Goldwater believed in individuals. Johnson thought in electoral blocs. Goldwater swore by the Constitution, Johnson by the New Deal.
The supposedly new level of hostility between our parties in the last decade-plus is often explained by each side’s reactions to threats and insults—intense reactions, followed by intense counter-reactions. Among the more recent developments said to have generated this polarizing momentum: the hatred aimed at George W. Bush after the Iraq War, the hatred aimed at Barack Obama . . . and now the Age of Trump, caused by Trump. But these are symptoms far more than causes. The causes are less dramatic and more lasting. They are structural. As the young political historian Sam Rosenfeld of Colgate University shows in The Polarizers: Postwar Architects of Our Partisan Era, important political players worked for half a century to redefine both parties as starkly contrasting ideological forces.
Their success in this project is the main reason for today’s partisan polarization. When a party’s control of the White House or Congress has clear ideological implications, people who prefer the opposite set of beliefs, or fear the beliefs that seem to be in power, can be expected to take it badly. Their responses, in turn, are likely to upset the other side. The basic mechanism perpetuating this dynamic is the change (or continuance) in the partisan balance of power which results every two years from our national elections. The polarizers whose success Rosenfeld chronicles made elections more promising for people who wanted coherent, ideologically identifiable agendas enacted. But for the same reason, their achievement made Americans more fearful about politics.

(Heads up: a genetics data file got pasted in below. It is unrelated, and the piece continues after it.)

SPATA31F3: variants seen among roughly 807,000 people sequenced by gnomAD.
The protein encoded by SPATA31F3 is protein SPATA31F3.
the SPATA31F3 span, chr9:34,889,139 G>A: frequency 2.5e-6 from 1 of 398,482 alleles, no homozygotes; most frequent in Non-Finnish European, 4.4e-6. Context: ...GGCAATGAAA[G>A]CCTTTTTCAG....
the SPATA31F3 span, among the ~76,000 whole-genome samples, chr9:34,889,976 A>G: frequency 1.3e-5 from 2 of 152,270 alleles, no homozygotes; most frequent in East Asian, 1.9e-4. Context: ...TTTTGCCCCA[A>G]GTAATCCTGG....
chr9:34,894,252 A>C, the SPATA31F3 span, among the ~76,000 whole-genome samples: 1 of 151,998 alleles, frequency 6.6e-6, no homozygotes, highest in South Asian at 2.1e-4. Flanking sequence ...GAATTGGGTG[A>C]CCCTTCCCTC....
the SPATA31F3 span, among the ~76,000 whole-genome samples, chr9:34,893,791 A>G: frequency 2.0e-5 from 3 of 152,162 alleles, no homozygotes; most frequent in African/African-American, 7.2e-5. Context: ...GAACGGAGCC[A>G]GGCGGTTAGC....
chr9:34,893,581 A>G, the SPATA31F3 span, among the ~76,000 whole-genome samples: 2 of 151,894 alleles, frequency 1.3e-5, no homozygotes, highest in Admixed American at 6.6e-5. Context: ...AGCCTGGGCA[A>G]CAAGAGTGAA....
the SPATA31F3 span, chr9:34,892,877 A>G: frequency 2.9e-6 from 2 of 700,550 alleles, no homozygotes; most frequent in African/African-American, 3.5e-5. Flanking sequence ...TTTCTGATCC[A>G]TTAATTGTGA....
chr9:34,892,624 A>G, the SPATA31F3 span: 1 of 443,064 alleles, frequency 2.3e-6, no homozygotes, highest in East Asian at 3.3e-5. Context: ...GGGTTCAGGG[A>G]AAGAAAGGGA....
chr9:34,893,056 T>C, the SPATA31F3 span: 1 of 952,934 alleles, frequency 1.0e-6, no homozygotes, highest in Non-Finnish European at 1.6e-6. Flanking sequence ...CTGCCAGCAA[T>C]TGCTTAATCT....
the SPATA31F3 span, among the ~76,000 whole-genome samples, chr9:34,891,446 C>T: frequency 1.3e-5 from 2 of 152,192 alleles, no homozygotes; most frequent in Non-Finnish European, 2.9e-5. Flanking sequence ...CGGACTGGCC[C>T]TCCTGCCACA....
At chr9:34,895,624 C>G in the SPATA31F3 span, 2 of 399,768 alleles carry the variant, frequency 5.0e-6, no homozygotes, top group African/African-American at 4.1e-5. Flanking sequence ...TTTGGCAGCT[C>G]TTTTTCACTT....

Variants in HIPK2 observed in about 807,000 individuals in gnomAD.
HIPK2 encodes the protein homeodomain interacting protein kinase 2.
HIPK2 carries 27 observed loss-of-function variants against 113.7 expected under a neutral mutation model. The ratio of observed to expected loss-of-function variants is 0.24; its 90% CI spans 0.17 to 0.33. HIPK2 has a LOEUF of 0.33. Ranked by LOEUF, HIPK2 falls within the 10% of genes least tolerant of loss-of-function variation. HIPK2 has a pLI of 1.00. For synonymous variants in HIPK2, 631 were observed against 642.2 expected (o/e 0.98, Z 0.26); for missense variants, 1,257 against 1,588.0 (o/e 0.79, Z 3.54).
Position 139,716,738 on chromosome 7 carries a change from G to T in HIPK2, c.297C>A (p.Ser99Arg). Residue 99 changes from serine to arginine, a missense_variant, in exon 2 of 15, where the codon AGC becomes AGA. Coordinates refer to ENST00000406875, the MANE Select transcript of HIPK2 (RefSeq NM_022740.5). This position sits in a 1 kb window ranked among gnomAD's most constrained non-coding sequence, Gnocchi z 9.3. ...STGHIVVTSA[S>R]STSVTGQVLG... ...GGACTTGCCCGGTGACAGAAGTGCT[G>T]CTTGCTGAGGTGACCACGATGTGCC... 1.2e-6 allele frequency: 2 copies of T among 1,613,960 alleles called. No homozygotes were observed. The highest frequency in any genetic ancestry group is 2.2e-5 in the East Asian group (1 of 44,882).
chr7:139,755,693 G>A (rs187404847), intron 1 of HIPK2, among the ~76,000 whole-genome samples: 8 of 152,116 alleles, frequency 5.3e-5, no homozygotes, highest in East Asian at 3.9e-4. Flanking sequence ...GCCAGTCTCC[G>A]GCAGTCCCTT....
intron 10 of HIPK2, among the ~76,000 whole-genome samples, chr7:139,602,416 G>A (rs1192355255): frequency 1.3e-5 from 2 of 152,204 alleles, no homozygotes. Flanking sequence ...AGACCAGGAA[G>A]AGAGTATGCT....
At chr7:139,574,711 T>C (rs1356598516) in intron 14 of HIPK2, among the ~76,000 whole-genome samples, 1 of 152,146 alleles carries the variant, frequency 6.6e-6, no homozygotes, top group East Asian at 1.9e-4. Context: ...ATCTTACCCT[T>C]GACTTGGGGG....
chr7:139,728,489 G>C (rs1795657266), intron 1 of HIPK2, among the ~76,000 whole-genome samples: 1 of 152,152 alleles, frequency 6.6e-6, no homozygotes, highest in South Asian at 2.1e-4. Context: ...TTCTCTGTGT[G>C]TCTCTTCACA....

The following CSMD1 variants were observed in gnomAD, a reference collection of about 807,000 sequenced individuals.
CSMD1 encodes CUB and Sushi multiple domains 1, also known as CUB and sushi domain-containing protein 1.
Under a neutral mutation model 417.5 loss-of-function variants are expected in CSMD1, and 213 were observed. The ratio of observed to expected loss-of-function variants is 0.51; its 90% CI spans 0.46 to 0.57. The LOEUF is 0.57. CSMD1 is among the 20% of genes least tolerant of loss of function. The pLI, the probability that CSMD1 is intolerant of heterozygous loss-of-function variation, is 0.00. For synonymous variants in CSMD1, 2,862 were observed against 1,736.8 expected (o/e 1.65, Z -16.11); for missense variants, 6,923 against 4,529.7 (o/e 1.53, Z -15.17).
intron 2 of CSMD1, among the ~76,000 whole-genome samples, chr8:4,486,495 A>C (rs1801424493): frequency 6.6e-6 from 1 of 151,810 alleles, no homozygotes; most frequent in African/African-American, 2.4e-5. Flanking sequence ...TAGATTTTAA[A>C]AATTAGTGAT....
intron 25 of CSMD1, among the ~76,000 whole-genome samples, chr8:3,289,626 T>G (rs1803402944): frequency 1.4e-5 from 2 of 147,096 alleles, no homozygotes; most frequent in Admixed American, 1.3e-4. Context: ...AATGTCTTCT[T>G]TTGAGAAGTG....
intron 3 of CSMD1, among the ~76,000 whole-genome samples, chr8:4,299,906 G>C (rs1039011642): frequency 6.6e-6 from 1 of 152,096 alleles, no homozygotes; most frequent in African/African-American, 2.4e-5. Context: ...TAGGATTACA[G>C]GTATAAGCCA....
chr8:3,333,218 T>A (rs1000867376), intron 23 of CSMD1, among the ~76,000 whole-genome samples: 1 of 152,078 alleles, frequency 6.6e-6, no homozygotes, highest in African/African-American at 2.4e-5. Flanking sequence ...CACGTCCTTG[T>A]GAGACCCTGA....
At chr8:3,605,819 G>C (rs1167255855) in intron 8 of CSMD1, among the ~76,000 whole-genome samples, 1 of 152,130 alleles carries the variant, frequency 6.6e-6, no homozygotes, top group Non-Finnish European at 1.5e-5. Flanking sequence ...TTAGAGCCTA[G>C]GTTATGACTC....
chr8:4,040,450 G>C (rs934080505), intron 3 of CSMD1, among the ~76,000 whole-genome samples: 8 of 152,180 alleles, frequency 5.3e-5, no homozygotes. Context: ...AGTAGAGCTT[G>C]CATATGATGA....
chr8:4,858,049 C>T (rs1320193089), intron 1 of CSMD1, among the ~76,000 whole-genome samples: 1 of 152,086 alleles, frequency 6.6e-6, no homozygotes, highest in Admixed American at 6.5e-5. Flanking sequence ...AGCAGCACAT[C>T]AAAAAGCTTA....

Why these wide-ranging efforts to ideologize the Democratic and Republican parties? Although many citizens find the current polarization strange and frustrating, they might find non-polarized parties at least as strange, and just as frustrating, if they traveled back 60 years. They might decide the polarizers mostly improved our system.
The Two Parties’ Big Tents Start to Shrink
There was some merit in the insistence of politicians like New York’s Republican Governor Thomas Dewey in 1950 and Vice President Richard Nixon in 1959, and political scientists like Edward Banfield in 1964, that the relatively non-ideological party system of the mid-20th century, with its diversity within parties, was best for America and should be defended. These men believed that ideologized, homogeneous parties would present serious dangers.
Rosenfeld respectfully acknowledges this point of view. He also notes, in his conclusion, that the polarized, agenda-focused parties we have today must work within a constitutional system whose “separated powers, myriad veto points, and staggered elections” (for the two elected branches and for the Senate) make it hard for them to deliver on their promises.